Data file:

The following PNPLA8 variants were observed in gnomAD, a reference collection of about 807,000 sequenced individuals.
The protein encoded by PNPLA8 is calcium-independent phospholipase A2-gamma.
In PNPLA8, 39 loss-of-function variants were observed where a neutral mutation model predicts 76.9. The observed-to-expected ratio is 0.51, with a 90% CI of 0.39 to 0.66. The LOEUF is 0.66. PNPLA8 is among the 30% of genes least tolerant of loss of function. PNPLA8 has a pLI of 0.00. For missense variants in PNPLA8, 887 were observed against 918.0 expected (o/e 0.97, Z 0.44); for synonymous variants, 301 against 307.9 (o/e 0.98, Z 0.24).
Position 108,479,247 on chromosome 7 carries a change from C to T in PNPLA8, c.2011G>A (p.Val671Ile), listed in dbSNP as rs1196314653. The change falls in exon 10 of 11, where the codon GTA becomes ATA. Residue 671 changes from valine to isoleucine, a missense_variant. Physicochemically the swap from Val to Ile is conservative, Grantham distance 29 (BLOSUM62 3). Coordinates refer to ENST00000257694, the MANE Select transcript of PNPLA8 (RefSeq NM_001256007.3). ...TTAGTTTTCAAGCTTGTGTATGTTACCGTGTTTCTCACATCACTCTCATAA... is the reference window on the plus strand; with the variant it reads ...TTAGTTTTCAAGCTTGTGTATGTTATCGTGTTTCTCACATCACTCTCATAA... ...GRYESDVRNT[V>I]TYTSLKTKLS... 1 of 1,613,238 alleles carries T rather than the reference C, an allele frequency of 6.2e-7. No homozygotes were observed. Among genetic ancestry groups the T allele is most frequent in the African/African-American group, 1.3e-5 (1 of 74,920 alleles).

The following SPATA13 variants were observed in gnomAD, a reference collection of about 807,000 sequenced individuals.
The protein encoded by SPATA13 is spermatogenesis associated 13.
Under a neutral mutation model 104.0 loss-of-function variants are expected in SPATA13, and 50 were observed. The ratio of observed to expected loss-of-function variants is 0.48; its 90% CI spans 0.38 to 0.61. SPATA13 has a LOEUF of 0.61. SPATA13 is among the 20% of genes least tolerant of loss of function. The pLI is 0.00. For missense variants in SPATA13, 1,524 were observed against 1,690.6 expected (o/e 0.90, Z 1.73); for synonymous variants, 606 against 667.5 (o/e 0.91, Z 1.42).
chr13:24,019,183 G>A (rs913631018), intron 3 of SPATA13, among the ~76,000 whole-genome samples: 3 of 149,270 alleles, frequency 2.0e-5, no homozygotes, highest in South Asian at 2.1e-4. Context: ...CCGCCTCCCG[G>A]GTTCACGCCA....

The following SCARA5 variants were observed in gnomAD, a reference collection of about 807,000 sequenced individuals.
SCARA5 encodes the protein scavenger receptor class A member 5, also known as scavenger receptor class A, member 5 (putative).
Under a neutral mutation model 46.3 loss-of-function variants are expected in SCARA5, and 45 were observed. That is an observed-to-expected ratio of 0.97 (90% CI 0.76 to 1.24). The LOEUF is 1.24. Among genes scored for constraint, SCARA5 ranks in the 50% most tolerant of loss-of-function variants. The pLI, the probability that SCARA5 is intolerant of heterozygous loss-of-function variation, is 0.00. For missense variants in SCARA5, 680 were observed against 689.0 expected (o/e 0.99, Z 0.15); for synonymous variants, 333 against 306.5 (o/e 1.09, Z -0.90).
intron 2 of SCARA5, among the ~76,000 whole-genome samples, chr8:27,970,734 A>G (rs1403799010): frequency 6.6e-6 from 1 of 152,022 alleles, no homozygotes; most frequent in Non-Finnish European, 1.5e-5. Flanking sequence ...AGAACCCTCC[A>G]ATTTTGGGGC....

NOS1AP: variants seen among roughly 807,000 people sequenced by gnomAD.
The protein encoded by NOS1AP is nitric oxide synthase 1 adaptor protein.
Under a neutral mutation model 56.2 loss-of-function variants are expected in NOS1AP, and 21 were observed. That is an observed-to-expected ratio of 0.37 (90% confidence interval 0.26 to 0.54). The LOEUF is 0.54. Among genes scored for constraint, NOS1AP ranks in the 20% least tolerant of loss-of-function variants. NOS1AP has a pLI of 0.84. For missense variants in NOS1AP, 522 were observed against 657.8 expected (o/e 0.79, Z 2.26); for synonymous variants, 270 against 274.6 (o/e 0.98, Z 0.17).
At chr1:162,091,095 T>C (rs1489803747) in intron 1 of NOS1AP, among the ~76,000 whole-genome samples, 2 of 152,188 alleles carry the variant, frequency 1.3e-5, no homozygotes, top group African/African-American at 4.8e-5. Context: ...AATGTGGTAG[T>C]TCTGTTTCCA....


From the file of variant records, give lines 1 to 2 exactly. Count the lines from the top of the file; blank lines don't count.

The following PNPLA8 variants were observed in gnomAD, a reference collection of about 807,000 sequenced individuals.
The protein encoded by PNPLA8 is calcium-independent phospholipase A2-gamma.